• TD 70 explains that there are three types of slavery: "natural slavery, enforced slavery, and voluntary slavery." And Montfort is quick to add: "All creatures are slaves of God in the first sense, for ‘the earth and its fullness belong to the Lord.’" Saint Louis Marie is quoting Psalm 24:1: "The earth is the Lord’s and the fullness thereof." The psalm itself is victorious praise of YHWH the Creator and Lord of the universe; its words recall the Genesis account of creation. Everything then belongs to the Lord, the farthest speck of existence belongs to the Lord. All are "slaves of God" by nature.

• PM 30—the conclusion of Saint Louis’ fiery prayer for missionaries— quotes two psalms, 68:2 and 44:23 in the Latin: "Exsurgat Deus et dissipentur inimici ejus!" Exsurge, Domine, quare obdormis? Exsurge." ("May the Lord rise up and his enemies be scattered! Lord, Arise! Why are you sleeping?")

Psalm 68 is recognized as probably the most obscure and therefore the most difficult of the psalter. The RSV translation reads: "Let God arise, let his enemies be scattered." Whether the psalm is a triumphal hymn or, more likely, a series of short ancient hymns is of little interest here. Montfort interprets the psalm quite literally, begging the Lord to destroy all His enemies so that His kingdom may come.

Psalm 44, on the other hand is a lamentation of a people oppressed by the enemy. Verse 23 is an urgent appeal to YHWH to rise up from His sleep and come to the aid of His people. With these two verses the ardent prayer of Montfort for missionaries reaches its climax.

• Psalm 90:11: "Who considers the power of thy anger?" is quoted in FC to underline the gravity of sin: "Dear Friends of the Cross, we are all sinners . . . if punishment for our sins is put off till the next world, then it will be God’s avenging justice . . . which will inflict the punishment, a dreadful, indescribable punishment: ‘Who understands the power of your anger?’" (FC 21, 22). This wisdom psalm, a cry of national lament, underscores the eternal nature of God and the passing sinful nature of man. In this psalm, man appears as the object of God’s anger (vv. 7, 9, 11) and judgment. Mont-fort wanted to convince the Friends of the Cross that if we sinners do not accept the cross and sufferings here below, we will be punished in the next world by the terrible anger of God. However, the knowledge of God’s anger should make wisdom enter our hearts.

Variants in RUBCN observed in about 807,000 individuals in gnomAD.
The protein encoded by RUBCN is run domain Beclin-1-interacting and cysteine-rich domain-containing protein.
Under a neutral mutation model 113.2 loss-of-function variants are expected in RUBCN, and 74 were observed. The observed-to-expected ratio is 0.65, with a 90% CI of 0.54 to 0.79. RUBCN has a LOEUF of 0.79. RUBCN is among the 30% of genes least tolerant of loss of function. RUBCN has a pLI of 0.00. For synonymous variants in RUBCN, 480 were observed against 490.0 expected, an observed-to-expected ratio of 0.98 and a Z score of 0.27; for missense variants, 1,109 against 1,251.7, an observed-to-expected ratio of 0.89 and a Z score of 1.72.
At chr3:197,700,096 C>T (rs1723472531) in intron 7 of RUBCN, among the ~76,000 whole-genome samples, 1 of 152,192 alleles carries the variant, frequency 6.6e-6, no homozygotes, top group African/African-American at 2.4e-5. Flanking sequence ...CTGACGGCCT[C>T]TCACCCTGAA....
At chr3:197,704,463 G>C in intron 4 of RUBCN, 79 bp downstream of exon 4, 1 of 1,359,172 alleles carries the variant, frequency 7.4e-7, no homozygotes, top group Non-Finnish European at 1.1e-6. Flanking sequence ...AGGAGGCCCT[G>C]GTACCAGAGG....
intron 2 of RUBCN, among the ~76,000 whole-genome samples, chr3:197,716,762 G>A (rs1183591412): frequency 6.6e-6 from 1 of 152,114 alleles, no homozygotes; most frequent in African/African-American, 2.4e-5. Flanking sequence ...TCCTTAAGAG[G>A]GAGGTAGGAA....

a. Jesus.

It is somewhat surprising that the principal Christological work of Montfort, LEW, makes only one reference to Psalm 40:8, a Christological psalm. FC mentions only this verse and psalm 22:6 when referring to Christ.

• Psalm 40:8 is referrred to in FC 16: "I . . . Who came into the world only to embrace the Cross, to set it in my heart," and in LEW 16: "At his coming into the world, while in his Mother’s womb, he received it [the cross] from his eternal Father. He placed it deep in his heart, there to dominate his life, saying: ‘My God, and my Father, I chose this cross when I was in your bosom. I choose it now in the womb of my Mother. I love it with all my strength and I place it deep in my heart to be my spouse and my mistress.’" The psalm itself reads: "I delight to do thy will, O my God, thy Law is within my heart." In this psalm of thanksgiving, a poor man of YHWH, saved from great danger, thanks God in peace and offers himself to God. The verses 7–9 are a prophetic meditation on true worship, which does not mean sacrifices but the observance of the Torah of God, which is in the heart (cf. Jr. 31:33). The Letter to the Hebrews, radically changing the Septuagint version of this psalm, turns it into a messianic text and places it on the lips of Christ (Heb. 10:5–10). Montfort, deepening the Christian interpretation of the Old Testament, identifies the "will and the law of God" with "the cross." LEW 169 combines Psalm 40:9 with Wisdom 8:2 and says that Incarnate Wisdom has put the cross deep in his heart. FC 18 presents Jesus as following the words of Psalm 40:8–9 as an invitation to anyone who wishes to follow him in his humiliations.